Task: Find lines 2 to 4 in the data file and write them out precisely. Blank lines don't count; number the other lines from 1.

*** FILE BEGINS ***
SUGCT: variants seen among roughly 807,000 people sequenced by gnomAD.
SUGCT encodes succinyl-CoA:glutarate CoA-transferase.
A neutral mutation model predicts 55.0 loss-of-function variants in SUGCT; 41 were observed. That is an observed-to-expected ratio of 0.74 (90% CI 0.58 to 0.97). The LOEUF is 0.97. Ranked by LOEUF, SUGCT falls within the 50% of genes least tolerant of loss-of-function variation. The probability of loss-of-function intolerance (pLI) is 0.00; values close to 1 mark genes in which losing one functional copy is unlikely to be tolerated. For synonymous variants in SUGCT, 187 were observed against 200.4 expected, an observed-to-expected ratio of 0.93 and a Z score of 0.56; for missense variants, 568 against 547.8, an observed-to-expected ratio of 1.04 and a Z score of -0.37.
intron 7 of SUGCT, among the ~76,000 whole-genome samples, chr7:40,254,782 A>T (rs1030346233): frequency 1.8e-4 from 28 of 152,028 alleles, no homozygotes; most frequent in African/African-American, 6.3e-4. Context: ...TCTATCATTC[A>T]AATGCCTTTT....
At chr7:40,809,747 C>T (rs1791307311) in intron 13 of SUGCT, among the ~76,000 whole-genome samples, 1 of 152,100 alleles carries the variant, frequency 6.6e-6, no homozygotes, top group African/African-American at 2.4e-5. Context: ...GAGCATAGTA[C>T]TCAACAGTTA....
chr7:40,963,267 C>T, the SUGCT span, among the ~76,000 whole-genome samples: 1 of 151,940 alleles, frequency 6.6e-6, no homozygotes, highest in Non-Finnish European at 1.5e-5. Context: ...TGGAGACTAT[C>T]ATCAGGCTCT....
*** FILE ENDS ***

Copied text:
SUGCT encodes succinyl-CoA:glutarate CoA-transferase.
A neutral mutation model predicts 55.0 loss-of-function variants in SUGCT; 41 were observed. That is an observed-to-expected ratio of 0.74 (90% CI 0.58 to 0.97). The LOEUF is 0.97. Ranked by LOEUF, SUGCT falls within the 50% of genes least tolerant of loss-of-function variation. The probability of loss-of-function intolerance (pLI) is 0.00; values close to 1 mark genes in which losing one functional copy is unlikely to be tolerated. For synonymous variants in SUGCT, 187 were observed against 200.4 expected, an observed-to-expected ratio of 0.93 and a Z score of 0.56; for missense variants, 568 against 547.8, an observed-to-expected ratio of 1.04 and a Z score of -0.37.
intron 7 of SUGCT, among the ~76,000 whole-genome samples, chr7:40,254,782 A>T (rs1030346233): frequency 1.8e-4 from 28 of 152,028 alleles, no homozygotes; most frequent in African/African-American, 6.3e-4. Context: ...TCTATCATTC[A>T]AATGCCTTTT....